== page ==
If Michigan coach Red Berenson had been kept awake at night wondering where the scoring would come from this season, the Wolverines put the issue to bed Thursday — at least for one night.
St. Lawrence goaltender Matt Weninger spent most of the evening with his back turned, finding puck after puck in the net as No. 5 Michigan routed the Saints, 10-3, at Yost Ice Arena.
In fact, St. Lawrence used not one, not two, but three goalies and was still left searching for answers as the Wolverines (4-0) surpassed their highest scoring output from last season in just the fourth game of the new season. Michigan scored double-figure goals for the first time since March 14, 2008 — a 10-1 thrashing of Nebraska-Omaha.
Initially, the first period began showed promise for the Saints — still reeling from last weekend’s sweep against Ferris State — when Michigan’s third line surrendered the game’s first goal.
“We knew St. Lawrence would come out strong,” Berenson said. “We liked our start even though we gave up the first goal.”
The veteran coach was referring to his team’s sense of urgency that lasted long into the night, even with the game safely in tow.
Trailing 1-0, senior forward and captain Luke Glendening chased down his own rebound after a nifty backhand and equalized. The floodgates opened.
In the next three minutes, the Wolverines added two more goals. Sophomore forward Luke Moffatt’s stick skills were on full display just 43 seconds after Glendening’s first tally. After weaving through a sea of Saints, Moffatt found the crashed the net and finished with authority.
Shortly thereafter, junior forward A.J. Treais received a pass from Moffatt and ended the opening period far better than it began for the Wolverines.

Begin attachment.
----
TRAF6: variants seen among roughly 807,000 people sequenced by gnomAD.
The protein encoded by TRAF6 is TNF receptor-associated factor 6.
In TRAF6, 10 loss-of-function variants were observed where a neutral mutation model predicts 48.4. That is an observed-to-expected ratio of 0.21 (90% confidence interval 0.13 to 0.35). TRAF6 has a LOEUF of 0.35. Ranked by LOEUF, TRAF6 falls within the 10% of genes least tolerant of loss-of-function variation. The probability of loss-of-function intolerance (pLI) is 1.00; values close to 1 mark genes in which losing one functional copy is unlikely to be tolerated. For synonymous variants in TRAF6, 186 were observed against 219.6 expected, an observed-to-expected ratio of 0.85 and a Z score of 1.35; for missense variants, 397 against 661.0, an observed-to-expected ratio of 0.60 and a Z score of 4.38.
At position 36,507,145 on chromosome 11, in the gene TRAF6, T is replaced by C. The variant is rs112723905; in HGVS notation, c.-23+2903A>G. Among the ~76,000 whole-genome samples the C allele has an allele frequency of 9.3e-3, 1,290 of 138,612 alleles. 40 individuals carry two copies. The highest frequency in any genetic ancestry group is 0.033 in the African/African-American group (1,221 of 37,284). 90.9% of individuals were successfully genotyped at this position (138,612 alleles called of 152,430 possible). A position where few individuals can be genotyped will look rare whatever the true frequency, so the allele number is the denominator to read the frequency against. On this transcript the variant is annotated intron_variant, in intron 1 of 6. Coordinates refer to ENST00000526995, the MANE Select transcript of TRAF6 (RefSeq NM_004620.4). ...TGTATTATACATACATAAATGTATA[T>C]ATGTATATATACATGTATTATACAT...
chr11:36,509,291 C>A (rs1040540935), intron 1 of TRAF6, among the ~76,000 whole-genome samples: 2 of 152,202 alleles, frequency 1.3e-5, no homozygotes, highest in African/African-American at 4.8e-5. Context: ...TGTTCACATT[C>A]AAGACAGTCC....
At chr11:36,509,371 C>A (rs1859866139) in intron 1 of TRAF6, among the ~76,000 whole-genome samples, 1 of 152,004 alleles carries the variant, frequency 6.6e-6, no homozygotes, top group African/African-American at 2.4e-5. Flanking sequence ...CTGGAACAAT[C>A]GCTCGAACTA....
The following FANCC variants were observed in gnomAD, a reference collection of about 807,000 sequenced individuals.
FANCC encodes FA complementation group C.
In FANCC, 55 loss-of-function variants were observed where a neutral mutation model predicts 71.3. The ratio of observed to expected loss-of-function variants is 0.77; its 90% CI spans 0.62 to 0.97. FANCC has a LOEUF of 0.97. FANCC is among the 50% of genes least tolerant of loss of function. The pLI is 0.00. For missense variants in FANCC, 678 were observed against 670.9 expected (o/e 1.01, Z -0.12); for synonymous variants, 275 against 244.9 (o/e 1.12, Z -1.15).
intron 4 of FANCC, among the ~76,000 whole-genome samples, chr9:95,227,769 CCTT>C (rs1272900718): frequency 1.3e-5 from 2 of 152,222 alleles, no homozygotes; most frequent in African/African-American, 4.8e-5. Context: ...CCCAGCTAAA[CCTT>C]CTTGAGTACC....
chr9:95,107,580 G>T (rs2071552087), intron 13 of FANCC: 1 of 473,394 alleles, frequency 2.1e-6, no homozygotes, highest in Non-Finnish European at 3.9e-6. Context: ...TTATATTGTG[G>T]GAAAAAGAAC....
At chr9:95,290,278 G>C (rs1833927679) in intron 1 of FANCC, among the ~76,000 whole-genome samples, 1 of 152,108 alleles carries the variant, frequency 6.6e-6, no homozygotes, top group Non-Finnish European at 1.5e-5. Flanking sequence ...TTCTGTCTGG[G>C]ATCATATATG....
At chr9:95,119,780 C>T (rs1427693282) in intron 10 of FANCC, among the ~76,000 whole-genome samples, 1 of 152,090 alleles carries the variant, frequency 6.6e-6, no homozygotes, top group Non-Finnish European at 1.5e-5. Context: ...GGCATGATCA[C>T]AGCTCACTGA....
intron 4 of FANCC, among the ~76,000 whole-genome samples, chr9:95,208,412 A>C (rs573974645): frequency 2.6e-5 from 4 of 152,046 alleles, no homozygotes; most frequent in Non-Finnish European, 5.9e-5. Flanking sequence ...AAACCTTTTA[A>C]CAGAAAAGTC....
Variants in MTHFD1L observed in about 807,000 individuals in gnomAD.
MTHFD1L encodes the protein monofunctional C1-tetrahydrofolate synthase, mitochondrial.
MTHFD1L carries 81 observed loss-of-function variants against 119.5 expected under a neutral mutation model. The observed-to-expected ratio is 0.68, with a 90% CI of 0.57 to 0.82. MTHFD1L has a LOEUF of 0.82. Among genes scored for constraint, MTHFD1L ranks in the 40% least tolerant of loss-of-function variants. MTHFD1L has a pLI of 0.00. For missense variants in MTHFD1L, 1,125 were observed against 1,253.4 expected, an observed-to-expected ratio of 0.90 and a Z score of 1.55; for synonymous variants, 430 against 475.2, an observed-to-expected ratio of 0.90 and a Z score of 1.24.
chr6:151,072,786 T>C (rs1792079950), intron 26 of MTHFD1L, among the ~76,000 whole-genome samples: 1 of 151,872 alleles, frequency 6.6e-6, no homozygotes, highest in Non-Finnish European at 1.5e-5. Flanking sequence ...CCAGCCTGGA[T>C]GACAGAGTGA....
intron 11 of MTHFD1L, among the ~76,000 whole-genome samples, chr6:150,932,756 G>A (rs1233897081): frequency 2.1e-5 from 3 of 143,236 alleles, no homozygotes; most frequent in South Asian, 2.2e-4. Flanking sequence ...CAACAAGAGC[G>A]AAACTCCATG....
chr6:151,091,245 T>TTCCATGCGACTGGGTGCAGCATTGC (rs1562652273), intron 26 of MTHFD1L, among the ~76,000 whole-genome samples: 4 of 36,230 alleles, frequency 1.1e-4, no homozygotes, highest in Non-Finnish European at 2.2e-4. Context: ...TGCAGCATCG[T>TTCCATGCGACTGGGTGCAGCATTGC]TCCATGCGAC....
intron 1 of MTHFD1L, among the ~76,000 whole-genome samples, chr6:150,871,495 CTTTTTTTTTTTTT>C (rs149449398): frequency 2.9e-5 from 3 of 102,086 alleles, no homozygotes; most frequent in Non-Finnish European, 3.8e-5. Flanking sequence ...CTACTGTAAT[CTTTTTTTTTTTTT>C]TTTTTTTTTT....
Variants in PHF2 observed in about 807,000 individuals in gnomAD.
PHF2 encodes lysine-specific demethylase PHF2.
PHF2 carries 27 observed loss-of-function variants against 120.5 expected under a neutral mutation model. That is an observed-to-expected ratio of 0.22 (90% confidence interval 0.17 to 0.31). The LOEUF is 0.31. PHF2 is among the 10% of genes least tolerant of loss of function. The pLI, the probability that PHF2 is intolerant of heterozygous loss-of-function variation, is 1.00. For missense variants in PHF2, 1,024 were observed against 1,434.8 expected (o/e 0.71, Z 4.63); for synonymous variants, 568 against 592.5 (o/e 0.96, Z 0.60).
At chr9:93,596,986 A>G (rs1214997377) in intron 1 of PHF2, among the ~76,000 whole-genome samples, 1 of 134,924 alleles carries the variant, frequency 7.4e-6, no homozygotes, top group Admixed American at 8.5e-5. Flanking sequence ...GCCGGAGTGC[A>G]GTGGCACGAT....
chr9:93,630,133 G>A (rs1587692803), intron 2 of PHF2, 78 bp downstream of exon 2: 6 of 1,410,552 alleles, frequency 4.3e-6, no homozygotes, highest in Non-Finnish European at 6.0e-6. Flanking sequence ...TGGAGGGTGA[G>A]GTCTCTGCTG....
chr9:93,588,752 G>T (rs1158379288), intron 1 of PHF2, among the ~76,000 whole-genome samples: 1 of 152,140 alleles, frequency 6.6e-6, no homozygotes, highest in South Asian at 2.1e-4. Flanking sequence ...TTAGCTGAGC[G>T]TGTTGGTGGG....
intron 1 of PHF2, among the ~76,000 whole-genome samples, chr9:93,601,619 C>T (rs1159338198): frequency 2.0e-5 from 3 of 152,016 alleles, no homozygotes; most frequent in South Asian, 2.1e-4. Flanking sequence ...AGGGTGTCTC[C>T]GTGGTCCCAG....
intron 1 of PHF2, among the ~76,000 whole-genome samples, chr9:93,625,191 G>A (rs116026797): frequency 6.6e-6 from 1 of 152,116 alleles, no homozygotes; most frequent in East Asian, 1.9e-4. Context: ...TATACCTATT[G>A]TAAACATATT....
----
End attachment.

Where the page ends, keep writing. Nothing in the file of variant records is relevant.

Glendening’s second goal came two minutes into the second period, putting Michigan ahead 4-1 and visibly drained St. Lawrence. The captain later completed the first hat trick of his career.
From then on, it was smooth skating for the Wolverines as the Yost crowd satisfied its craving for goals after an offseason full of questions that surrounded the offense.
With its captain scoring at will, Michigan seemed capable of scoring from anywhere on the ice. In reality, the Wolverines barely outshot the Saints, 34-32.
“No question, you’re getting some confidence, and you’re also realizing that you can get goals by doing simple things,” Berenson said of the offensive onslaught. “When your captain’s playing like that, your team can’t be far behind.”
But despite the rout, Berenson felt after the game that Michigan was fortunate to win by such a wide margin. He added, “stupid penalties” like the ones the Wolverines committed Thursday might be the difference come CCHA play.
“You would hate to lose a game or lose points in the season because of a bad penalty,” Berenson said. “You’re going to take penalties if you’re playing hard, but honest penalties, we have a chance of killing.”
Mistakes that can fly under the radar against inferior teams will be magnified when the unforgiving conference schedule begins next weekend at Northern Michigan.
Until then, the Wolverines will attempt to work out the kinks during one of their longest gaps between games this season. The young team will leave the friendly confines of Yost, but not before another full week of practice.
“We have had a real busy stretch, but I think it will be good,” Berenson said of the eight-day hiatus. “(Now) the hockey will be better, everything will be more important, more serious. But I think we’ll be ready for it.”